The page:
If we do not believe that the cross bore the sorrows of God as much as it does our own, we ought not to have approached that wood to kneel. If we do not believe that by his Resurrection we are destined to be free, we ought not to have sung our alleluias on his day of victory. If it was not a heavenly, unearthly Jerusalem to which Jesus ascended, we ought not gather to look and pray to a God beyond who beckons us.

For it is sheer folly, the things we have done this Paschal season, if Christ does not reveal our sublime fortune. It was all a charade if our saving God was not on that cross, if it was not miraculously one of us who ascended on high. But if we worshipped in faith this season, we have again professed that, rather than being dupes of folly, we are the agents of the only true revolution that has graced human history.

In the death, resurrection, and ascension of Jesus, neither Christ nor we are “confined” to dogma or scripture. Rather, our God is revealed and we are therein liberated.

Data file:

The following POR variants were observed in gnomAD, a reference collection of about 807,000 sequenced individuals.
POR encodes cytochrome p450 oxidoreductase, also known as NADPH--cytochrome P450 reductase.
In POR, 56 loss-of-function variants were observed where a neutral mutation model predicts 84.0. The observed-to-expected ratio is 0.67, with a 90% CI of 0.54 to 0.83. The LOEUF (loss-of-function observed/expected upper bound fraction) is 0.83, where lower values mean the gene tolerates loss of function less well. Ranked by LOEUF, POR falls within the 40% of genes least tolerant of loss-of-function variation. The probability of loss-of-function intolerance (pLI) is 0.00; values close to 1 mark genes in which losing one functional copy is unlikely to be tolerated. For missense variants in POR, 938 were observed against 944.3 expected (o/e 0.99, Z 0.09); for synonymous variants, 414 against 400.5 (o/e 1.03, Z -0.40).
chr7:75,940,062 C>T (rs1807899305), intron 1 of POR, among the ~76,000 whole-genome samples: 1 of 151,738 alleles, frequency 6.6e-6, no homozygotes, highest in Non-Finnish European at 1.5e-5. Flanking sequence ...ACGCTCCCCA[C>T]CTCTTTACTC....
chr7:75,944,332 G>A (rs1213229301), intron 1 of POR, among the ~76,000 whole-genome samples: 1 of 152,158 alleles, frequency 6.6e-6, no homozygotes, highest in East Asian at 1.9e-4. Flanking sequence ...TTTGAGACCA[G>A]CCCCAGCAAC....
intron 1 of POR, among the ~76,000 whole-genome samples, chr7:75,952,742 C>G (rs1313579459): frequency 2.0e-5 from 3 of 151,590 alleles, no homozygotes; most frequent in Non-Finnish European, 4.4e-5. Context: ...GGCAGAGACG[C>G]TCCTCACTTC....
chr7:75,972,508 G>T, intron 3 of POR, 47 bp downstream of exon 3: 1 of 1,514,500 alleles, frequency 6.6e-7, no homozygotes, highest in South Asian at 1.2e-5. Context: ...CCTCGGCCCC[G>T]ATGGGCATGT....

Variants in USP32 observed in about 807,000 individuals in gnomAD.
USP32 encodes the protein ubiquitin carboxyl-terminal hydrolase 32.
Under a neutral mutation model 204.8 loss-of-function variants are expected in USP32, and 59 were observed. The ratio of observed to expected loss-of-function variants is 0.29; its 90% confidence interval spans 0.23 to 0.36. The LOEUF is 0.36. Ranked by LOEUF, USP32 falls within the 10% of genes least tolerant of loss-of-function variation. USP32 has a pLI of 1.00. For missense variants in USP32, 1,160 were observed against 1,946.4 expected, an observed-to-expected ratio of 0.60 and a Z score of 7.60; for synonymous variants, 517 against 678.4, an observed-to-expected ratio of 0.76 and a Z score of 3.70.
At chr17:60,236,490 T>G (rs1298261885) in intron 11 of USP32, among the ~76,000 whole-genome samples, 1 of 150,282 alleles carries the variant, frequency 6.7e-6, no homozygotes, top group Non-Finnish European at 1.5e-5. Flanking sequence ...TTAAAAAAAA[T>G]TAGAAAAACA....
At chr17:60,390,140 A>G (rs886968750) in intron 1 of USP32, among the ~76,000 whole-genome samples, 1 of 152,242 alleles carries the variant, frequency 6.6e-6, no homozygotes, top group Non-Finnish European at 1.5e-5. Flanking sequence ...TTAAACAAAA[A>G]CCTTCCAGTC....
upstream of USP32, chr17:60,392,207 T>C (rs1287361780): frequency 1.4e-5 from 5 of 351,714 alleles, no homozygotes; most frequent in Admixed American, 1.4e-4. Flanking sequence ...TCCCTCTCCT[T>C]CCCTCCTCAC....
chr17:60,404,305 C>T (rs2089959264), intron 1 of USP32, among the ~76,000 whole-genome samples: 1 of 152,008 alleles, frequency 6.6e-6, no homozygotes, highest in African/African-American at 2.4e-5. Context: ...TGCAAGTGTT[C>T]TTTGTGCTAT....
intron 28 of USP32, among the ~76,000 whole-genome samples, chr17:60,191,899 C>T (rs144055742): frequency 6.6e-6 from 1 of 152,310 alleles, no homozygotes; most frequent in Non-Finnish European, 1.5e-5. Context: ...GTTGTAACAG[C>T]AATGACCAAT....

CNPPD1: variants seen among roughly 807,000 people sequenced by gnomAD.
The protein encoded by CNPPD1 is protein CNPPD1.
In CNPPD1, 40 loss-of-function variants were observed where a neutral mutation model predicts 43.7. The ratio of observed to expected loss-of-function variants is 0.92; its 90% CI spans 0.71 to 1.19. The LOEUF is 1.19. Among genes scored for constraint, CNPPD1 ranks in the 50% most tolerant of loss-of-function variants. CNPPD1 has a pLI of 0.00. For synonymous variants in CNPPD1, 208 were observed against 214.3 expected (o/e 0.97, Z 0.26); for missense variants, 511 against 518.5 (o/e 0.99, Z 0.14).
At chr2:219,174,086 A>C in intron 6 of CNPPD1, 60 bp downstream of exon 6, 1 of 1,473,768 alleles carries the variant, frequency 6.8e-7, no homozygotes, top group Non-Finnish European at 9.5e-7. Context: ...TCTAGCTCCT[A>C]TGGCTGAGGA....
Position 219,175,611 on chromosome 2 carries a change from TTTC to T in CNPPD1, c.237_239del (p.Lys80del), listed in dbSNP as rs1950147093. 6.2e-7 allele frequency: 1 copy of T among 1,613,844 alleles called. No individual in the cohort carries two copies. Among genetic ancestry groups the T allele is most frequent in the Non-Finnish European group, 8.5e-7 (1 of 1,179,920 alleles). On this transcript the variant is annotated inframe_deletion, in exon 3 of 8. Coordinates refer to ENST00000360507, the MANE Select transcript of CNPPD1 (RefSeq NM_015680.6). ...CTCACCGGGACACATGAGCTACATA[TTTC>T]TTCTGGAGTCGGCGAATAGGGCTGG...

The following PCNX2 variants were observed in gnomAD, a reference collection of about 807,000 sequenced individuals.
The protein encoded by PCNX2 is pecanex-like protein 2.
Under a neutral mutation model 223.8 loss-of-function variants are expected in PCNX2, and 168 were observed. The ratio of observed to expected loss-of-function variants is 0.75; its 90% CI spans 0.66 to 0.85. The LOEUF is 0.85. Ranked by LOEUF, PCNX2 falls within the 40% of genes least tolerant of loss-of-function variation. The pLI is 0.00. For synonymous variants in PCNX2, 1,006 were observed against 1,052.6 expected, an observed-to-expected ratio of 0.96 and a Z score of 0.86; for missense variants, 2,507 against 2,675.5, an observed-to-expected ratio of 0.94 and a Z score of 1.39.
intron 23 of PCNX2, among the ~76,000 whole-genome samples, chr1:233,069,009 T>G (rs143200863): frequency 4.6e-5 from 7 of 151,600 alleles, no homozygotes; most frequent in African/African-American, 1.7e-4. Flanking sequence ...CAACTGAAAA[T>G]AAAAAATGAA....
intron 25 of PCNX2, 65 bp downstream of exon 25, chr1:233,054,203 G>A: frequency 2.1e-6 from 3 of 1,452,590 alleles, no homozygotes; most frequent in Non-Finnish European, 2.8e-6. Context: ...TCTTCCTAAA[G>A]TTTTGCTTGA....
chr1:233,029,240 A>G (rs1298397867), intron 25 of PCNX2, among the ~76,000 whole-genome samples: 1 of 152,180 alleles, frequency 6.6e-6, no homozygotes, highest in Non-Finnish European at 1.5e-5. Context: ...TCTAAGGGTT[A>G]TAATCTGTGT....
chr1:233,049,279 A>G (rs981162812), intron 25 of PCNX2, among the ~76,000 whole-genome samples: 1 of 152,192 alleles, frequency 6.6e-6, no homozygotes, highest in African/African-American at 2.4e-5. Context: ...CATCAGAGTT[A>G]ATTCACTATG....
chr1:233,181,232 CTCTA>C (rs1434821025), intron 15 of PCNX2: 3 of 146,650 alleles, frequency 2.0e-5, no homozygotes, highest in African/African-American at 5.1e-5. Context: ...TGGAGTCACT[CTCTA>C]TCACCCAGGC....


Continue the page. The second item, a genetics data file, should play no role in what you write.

It is God-with-us, Emmanuel, who died our death. It is the God who called history forth and loved it enough to marry it, to preserve and save it, to redeem its terrible, fragile beauty. Thus it was with full heart that we could pray: “We adore thee, O Christ, and we bless thee, because by thy holy cross thou hast redeemed the world.” And it is with faith in the miraculous, the transcendent, that we, like Jesus in the Fourth Gospel, look to heaven for the giver of eternal life, the glory of the earth and the love and truth from which we all came. -- By Fr John Kavanaugh, SJ

Thoughts of the Early Church

All authority in heaven and on earth has been given to me.
The Gospel describes the Lord’s life upon earth and his return to heaven. But the sublime prophet David, as though unencumbered by the weight of his body, rose above himself to mingle with the heavenly powers and record for us their words as they accompanied the Master when he came down from heaven. Ordering the angels on earth entrusted with the care of human life to raise the gates, they cried: “Lift up your gates, you princes; be lifted up you everlasting doors. Let the King of glory enter.”